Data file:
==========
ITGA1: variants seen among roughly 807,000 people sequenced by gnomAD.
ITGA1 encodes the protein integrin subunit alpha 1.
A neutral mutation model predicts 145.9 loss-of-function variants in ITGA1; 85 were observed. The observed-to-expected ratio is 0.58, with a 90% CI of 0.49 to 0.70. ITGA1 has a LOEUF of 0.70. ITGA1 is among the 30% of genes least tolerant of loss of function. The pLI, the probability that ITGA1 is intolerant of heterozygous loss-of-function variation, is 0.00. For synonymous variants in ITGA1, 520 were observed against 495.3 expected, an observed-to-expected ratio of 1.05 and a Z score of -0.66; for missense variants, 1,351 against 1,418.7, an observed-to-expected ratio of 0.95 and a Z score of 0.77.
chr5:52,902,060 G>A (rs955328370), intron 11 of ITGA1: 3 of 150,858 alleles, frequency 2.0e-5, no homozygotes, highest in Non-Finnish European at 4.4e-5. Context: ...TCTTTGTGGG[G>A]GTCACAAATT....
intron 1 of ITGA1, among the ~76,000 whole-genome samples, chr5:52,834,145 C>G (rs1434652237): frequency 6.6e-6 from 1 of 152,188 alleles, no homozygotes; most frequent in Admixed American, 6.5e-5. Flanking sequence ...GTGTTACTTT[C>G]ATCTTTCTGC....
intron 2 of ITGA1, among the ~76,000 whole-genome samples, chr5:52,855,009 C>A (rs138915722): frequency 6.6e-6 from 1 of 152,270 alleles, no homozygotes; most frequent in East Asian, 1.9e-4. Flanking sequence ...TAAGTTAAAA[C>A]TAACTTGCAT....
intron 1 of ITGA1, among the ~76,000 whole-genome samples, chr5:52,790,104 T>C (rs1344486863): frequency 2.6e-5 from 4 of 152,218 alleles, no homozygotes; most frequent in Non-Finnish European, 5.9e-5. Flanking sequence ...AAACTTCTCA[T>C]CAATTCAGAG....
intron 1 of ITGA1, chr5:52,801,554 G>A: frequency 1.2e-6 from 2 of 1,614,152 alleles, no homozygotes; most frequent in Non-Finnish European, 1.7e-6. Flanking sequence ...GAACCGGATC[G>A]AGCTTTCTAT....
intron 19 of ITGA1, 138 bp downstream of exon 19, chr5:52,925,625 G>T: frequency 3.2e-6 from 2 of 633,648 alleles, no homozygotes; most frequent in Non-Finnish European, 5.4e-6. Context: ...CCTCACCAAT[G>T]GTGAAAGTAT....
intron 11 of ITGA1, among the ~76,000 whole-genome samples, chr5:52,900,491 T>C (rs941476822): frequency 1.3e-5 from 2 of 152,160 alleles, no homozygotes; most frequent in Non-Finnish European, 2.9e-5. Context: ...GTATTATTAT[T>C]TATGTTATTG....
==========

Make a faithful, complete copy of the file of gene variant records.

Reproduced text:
ITGA1: variants seen among roughly 807,000 people sequenced by gnomAD.
ITGA1 encodes the protein integrin subunit alpha 1.
A neutral mutation model predicts 145.9 loss-of-function variants in ITGA1; 85 were observed. The observed-to-expected ratio is 0.58, with a 90% CI of 0.49 to 0.70. ITGA1 has a LOEUF of 0.70. ITGA1 is among the 30% of genes least tolerant of loss of function. The pLI, the probability that ITGA1 is intolerant of heterozygous loss-of-function variation, is 0.00. For synonymous variants in ITGA1, 520 were observed against 495.3 expected, an observed-to-expected ratio of 1.05 and a Z score of -0.66; for missense variants, 1,351 against 1,418.7, an observed-to-expected ratio of 0.95 and a Z score of 0.77.
chr5:52,902,060 G>A (rs955328370), intron 11 of ITGA1: 3 of 150,858 alleles, frequency 2.0e-5, no homozygotes, highest in Non-Finnish European at 4.4e-5. Context: ...TCTTTGTGGG[G>A]GTCACAAATT....
intron 1 of ITGA1, among the ~76,000 whole-genome samples, chr5:52,834,145 C>G (rs1434652237): frequency 6.6e-6 from 1 of 152,188 alleles, no homozygotes; most frequent in Admixed American, 6.5e-5. Flanking sequence ...GTGTTACTTT[C>G]ATCTTTCTGC....
intron 2 of ITGA1, among the ~76,000 whole-genome samples, chr5:52,855,009 C>A (rs138915722): frequency 6.6e-6 from 1 of 152,270 alleles, no homozygotes; most frequent in East Asian, 1.9e-4. Flanking sequence ...TAAGTTAAAA[C>A]TAACTTGCAT....
intron 1 of ITGA1, among the ~76,000 whole-genome samples, chr5:52,790,104 T>C (rs1344486863): frequency 2.6e-5 from 4 of 152,218 alleles, no homozygotes; most frequent in Non-Finnish European, 5.9e-5. Flanking sequence ...AAACTTCTCA[T>C]CAATTCAGAG....
intron 1 of ITGA1, chr5:52,801,554 G>A: frequency 1.2e-6 from 2 of 1,614,152 alleles, no homozygotes; most frequent in Non-Finnish European, 1.7e-6. Flanking sequence ...GAACCGGATC[G>A]AGCTTTCTAT....
intron 19 of ITGA1, 138 bp downstream of exon 19, chr5:52,925,625 G>T: frequency 3.2e-6 from 2 of 633,648 alleles, no homozygotes; most frequent in Non-Finnish European, 5.4e-6. Context: ...CCTCACCAAT[G>T]GTGAAAGTAT....
intron 11 of ITGA1, among the ~76,000 whole-genome samples, chr5:52,900,491 T>C (rs941476822): frequency 1.3e-5 from 2 of 152,160 alleles, no homozygotes; most frequent in Non-Finnish European, 2.9e-5. Context: ...GTATTATTAT[T>C]TATGTTATTG....